2. Any recoupment that is returned to the state for programs in chapter 409 or the state group insurance program in s. 110.123.
(d) A pharmacy benefit manager may not unilaterally change the terms of any participation contract.
(e) Unless otherwise prohibited by law, a pharmacy benefit manager may not prohibit a pharmacy or pharmacist from:
1. Offering mail or delivery services on an opt-in basis at the sole discretion of the covered person.
2. Mailing or delivering a prescription drug to a covered person upon his or her request.
3. Charging a shipping or handling fee to a covered person requesting a prescription drug be mailed or delivered if the pharmacy or pharmacist discloses to the covered person before the mailing or delivery the amount of the fee that will be charged and that the fee may not be reimbursable by the covered person’s pharmacy benefits plan or program.
(f) The pharmacy benefit manager must provide a pharmacy, upon its request, a list of pharmacy benefits plans or programs in which the pharmacy is a part of the network. Updates to the list must be communicated to the pharmacy within 7 days. The pharmacy benefit manager may not restrict the pharmacy or pharmacist from disclosing this information to the public.
(g) The pharmacy benefit manager must ensure that the Electronic Remittance Advice contains claim level payment adjustments in accordance with the American National Standards Institute Accredited Standards Committee, X12 format, and includes or is accompanied by the appropriate level of detail for the pharmacy to reconcile any debits or credits, including, but not limited to, pharmacy NCPDP or NPI identifier, date of service, prescription number, refill number, adjustment code, if applicable, and transaction amount.
(h) The pharmacy benefit manager shall provide a reasonable administrative appeal procedure to allow a pharmacy or pharmacist to challenge the maximum allowable cost pricing information and the reimbursement made under the maximum allowable cost as defined in s. 627.64741 for a specific drug as being below the acquisition cost available to the challenging pharmacy or pharmacist.
1. The administrative appeal procedure must include a telephone number and e-mail address, or a website, for the purpose of submitting the administrative appeal. The appeal may be submitted by the pharmacy or an agent of the pharmacy directly to the pharmacy benefit manager or through a pharmacy service administration organization. The pharmacy or pharmacist must be given at least 30 business days after a maximum allowable cost update or after an adjudication for an electronic claim or reimbursement for a nonelectronic claim to file the administrative appeal.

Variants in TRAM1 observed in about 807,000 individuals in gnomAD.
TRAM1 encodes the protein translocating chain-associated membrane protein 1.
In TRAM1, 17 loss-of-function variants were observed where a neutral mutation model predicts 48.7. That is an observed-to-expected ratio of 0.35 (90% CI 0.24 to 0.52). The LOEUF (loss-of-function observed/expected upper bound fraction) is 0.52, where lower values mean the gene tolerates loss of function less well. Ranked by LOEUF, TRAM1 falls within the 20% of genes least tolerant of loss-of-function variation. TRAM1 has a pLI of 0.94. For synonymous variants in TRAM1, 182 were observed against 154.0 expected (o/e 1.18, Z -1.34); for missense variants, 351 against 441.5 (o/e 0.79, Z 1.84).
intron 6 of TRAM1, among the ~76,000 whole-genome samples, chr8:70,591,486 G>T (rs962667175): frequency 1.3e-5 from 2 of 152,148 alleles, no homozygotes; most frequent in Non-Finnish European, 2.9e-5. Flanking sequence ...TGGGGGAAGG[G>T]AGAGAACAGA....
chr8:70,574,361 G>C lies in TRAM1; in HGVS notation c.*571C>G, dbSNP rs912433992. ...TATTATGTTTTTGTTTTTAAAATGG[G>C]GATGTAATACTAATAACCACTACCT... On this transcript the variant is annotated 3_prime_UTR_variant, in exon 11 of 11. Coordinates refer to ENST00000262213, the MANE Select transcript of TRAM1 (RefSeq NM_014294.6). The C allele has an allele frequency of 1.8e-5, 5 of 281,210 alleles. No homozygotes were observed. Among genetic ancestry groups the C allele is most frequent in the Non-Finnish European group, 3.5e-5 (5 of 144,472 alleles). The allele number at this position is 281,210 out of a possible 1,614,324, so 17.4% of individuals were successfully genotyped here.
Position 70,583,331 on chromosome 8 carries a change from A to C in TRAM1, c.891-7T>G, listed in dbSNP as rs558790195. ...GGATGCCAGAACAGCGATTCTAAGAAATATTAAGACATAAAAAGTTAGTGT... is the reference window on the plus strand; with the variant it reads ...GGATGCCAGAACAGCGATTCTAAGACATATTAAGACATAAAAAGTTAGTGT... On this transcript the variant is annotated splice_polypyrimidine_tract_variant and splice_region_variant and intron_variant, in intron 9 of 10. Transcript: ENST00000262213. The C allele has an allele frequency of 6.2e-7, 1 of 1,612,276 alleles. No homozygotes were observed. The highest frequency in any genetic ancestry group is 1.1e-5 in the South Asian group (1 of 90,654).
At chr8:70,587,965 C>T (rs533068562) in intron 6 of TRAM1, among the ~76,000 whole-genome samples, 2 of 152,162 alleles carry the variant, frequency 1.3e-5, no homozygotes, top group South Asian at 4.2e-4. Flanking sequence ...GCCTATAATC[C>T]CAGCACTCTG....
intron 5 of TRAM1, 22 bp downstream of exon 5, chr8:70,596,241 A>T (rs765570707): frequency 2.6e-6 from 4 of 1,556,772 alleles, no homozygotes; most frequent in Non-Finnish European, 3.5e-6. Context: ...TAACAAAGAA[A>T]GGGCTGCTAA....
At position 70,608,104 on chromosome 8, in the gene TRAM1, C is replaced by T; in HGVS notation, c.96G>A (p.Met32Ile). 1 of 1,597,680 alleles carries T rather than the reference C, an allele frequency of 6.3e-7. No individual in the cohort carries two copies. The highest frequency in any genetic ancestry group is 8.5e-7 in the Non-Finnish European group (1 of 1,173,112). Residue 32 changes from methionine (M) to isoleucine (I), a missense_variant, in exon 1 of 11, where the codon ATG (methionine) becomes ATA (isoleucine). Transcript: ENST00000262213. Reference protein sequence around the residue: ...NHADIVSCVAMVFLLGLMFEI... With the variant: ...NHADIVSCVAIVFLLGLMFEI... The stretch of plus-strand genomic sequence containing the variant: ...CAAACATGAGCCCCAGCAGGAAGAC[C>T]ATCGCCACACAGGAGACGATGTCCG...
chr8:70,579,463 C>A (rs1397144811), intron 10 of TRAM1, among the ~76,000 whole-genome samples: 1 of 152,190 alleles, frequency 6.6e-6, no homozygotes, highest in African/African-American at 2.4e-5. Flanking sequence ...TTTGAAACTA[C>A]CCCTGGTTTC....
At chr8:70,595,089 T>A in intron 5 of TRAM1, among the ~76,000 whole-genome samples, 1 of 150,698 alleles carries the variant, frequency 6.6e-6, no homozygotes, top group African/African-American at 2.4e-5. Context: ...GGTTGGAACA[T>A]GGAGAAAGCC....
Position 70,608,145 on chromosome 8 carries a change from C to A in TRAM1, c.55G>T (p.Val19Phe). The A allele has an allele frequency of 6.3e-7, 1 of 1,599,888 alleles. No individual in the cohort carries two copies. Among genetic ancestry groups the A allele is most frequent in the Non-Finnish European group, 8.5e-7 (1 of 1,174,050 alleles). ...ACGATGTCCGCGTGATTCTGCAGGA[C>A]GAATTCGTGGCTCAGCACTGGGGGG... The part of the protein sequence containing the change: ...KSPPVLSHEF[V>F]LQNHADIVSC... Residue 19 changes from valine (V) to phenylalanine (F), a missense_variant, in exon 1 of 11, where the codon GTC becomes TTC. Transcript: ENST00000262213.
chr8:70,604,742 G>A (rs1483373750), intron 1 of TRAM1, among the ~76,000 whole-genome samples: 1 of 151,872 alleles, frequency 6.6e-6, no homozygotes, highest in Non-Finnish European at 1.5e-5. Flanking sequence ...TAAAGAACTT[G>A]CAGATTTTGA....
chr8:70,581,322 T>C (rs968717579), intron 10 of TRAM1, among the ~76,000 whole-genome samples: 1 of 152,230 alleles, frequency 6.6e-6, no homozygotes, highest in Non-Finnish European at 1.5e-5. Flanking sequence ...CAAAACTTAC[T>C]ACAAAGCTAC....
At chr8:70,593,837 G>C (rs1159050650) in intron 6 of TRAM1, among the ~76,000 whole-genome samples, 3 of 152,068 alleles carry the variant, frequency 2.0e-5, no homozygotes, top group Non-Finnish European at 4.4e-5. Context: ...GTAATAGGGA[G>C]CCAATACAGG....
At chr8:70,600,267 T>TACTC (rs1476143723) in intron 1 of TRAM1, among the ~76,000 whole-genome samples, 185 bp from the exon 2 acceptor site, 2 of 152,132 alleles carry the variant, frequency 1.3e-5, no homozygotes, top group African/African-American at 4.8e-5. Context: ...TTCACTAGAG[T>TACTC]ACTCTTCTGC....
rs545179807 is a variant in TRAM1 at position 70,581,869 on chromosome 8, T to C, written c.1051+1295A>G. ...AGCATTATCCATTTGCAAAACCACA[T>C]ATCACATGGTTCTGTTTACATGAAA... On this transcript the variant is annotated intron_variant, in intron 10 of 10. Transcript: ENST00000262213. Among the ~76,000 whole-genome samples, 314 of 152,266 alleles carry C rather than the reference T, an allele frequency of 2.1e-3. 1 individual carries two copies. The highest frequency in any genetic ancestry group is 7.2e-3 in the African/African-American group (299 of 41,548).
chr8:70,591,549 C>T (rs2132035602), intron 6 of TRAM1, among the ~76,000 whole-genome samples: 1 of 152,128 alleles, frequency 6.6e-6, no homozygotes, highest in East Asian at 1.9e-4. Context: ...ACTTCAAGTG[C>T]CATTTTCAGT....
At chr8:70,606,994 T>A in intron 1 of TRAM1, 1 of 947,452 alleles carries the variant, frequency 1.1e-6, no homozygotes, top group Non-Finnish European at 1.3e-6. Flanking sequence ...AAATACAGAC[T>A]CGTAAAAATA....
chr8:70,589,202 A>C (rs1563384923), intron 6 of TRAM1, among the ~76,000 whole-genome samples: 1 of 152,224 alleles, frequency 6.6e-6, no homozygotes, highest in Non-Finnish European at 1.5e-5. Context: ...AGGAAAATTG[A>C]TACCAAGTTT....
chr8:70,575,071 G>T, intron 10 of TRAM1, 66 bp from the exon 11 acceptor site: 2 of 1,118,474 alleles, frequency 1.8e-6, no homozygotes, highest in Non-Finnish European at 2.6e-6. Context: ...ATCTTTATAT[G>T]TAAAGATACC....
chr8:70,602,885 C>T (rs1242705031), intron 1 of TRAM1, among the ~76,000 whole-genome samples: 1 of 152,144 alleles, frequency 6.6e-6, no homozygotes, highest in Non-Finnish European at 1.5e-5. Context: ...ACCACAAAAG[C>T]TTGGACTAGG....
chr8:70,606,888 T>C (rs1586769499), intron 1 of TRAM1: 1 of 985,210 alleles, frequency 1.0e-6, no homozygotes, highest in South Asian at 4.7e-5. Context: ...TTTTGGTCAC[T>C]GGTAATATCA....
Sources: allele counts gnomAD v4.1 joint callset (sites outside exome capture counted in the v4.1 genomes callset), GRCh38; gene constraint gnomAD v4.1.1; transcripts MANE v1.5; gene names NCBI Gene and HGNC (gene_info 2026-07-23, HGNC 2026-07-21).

2. The pharmacy benefit manager must respond to the administrative appeal within 30 business days after receipt of the appeal.
3. If the appeal is upheld, the pharmacy benefit manager must:
a. Update the maximum allowable cost pricing information to at least the acquisition cost available to the pharmacy;
b. Permit the pharmacy or pharmacist to reverse and rebill the claim in question;
c. Provide to the pharmacy or pharmacist the national drug code on which the increase or change is based; and
d. Make the increase or change effective for each similarly situated pharmacy or pharmacist who is subject to the applicable maximum allowable cost pricing information.
4. If the appeal is denied, the pharmacy benefit manager must provide to the pharmacy or pharmacist the national drug code and the name of the national or regional pharmaceutical wholesalers operating in this state which have the drug currently in stock at a price below the maximum allowable cost pricing information.
5. Every 90 days, a pharmacy benefit manager shall report to the office the total number of appeals received and denied in the preceding 90-day period, with an explanation or reason for each denial, for each specific drug for which an appeal was submitted pursuant to this paragraph.
History.s. 11, ch. 2023-29.